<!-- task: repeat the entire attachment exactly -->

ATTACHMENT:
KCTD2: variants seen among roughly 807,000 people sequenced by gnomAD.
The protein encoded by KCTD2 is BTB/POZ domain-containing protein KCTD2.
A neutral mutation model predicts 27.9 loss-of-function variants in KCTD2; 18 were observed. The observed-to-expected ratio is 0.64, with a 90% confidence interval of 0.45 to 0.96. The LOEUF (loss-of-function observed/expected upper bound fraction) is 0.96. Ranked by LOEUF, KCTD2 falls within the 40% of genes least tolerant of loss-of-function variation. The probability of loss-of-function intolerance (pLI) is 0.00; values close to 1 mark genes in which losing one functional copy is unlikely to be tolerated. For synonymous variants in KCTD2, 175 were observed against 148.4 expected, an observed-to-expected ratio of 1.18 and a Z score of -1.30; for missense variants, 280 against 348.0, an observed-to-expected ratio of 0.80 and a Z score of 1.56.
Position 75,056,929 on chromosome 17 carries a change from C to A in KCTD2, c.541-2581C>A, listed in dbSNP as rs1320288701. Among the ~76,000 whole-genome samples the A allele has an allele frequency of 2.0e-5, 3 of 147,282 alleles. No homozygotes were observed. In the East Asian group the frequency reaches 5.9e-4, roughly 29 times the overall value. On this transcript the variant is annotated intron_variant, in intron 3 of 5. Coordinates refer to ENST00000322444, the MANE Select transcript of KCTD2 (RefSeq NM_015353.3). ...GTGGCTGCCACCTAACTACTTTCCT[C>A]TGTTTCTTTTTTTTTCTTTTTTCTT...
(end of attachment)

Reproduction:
KCTD2: variants seen among roughly 807,000 people sequenced by gnomAD.
The protein encoded by KCTD2 is BTB/POZ domain-containing protein KCTD2.
A neutral mutation model predicts 27.9 loss-of-function variants in KCTD2; 18 were observed. The observed-to-expected ratio is 0.64, with a 90% confidence interval of 0.45 to 0.96. The LOEUF (loss-of-function observed/expected upper bound fraction) is 0.96. Ranked by LOEUF, KCTD2 falls within the 40% of genes least tolerant of loss-of-function variation. The probability of loss-of-function intolerance (pLI) is 0.00; values close to 1 mark genes in which losing one functional copy is unlikely to be tolerated. For synonymous variants in KCTD2, 175 were observed against 148.4 expected, an observed-to-expected ratio of 1.18 and a Z score of -1.30; for missense variants, 280 against 348.0, an observed-to-expected ratio of 0.80 and a Z score of 1.56.
Position 75,056,929 on chromosome 17 carries a change from C to A in KCTD2, c.541-2581C>A, listed in dbSNP as rs1320288701. Among the ~76,000 whole-genome samples the A allele has an allele frequency of 2.0e-5, 3 of 147,282 alleles. No homozygotes were observed. In the East Asian group the frequency reaches 5.9e-4, roughly 29 times the overall value. On this transcript the variant is annotated intron_variant, in intron 3 of 5. Coordinates refer to ENST00000322444, the MANE Select transcript of KCTD2 (RefSeq NM_015353.3). ...GTGGCTGCCACCTAACTACTTTCCT[C>A]TGTTTCTTTTTTTTTCTTTTTTCTT...